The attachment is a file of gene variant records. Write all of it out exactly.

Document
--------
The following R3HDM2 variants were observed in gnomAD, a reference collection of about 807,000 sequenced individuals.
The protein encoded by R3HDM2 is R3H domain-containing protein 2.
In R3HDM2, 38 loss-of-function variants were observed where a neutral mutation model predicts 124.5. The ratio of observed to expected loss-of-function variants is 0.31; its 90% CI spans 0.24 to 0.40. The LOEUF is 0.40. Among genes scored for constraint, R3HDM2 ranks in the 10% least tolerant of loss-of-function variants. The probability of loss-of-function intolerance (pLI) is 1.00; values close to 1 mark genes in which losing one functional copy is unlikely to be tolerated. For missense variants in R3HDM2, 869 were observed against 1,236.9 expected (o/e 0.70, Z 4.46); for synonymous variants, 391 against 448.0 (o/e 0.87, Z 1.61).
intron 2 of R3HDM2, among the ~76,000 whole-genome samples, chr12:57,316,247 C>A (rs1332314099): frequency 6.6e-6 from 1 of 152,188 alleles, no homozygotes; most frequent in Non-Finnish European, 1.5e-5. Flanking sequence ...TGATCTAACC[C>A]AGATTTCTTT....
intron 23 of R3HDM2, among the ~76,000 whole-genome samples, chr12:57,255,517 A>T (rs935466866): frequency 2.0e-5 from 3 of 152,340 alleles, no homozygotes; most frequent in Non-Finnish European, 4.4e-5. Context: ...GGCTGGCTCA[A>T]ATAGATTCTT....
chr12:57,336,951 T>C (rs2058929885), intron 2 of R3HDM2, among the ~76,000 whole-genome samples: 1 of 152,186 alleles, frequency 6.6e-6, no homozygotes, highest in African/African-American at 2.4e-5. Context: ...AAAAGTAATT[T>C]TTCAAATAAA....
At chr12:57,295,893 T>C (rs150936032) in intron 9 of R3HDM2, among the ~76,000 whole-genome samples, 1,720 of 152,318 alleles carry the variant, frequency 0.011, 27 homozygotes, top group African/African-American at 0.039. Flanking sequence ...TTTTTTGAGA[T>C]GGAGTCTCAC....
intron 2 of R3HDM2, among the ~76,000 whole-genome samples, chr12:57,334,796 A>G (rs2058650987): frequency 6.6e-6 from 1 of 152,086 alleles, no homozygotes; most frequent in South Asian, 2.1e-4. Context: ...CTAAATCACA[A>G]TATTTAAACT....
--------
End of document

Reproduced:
The following R3HDM2 variants were observed in gnomAD, a reference collection of about 807,000 sequenced individuals.
The protein encoded by R3HDM2 is R3H domain-containing protein 2.
In R3HDM2, 38 loss-of-function variants were observed where a neutral mutation model predicts 124.5. The ratio of observed to expected loss-of-function variants is 0.31; its 90% CI spans 0.24 to 0.40. The LOEUF is 0.40. Among genes scored for constraint, R3HDM2 ranks in the 10% least tolerant of loss-of-function variants. The probability of loss-of-function intolerance (pLI) is 1.00; values close to 1 mark genes in which losing one functional copy is unlikely to be tolerated. For missense variants in R3HDM2, 869 were observed against 1,236.9 expected (o/e 0.70, Z 4.46); for synonymous variants, 391 against 448.0 (o/e 0.87, Z 1.61).
intron 2 of R3HDM2, among the ~76,000 whole-genome samples, chr12:57,316,247 C>A (rs1332314099): frequency 6.6e-6 from 1 of 152,188 alleles, no homozygotes; most frequent in Non-Finnish European, 1.5e-5. Flanking sequence ...TGATCTAACC[C>A]AGATTTCTTT....
intron 23 of R3HDM2, among the ~76,000 whole-genome samples, chr12:57,255,517 A>T (rs935466866): frequency 2.0e-5 from 3 of 152,340 alleles, no homozygotes; most frequent in Non-Finnish European, 4.4e-5. Context: ...GGCTGGCTCA[A>T]ATAGATTCTT....
chr12:57,336,951 T>C (rs2058929885), intron 2 of R3HDM2, among the ~76,000 whole-genome samples: 1 of 152,186 alleles, frequency 6.6e-6, no homozygotes, highest in African/African-American at 2.4e-5. Context: ...AAAAGTAATT[T>C]TTCAAATAAA....
At chr12:57,295,893 T>C (rs150936032) in intron 9 of R3HDM2, among the ~76,000 whole-genome samples, 1,720 of 152,318 alleles carry the variant, frequency 0.011, 27 homozygotes, top group African/African-American at 0.039. Flanking sequence ...TTTTTTGAGA[T>C]GGAGTCTCAC....
intron 2 of R3HDM2, among the ~76,000 whole-genome samples, chr12:57,334,796 A>G (rs2058650987): frequency 6.6e-6 from 1 of 152,086 alleles, no homozygotes; most frequent in South Asian, 2.1e-4. Context: ...CTAAATCACA[A>G]TATTTAAACT....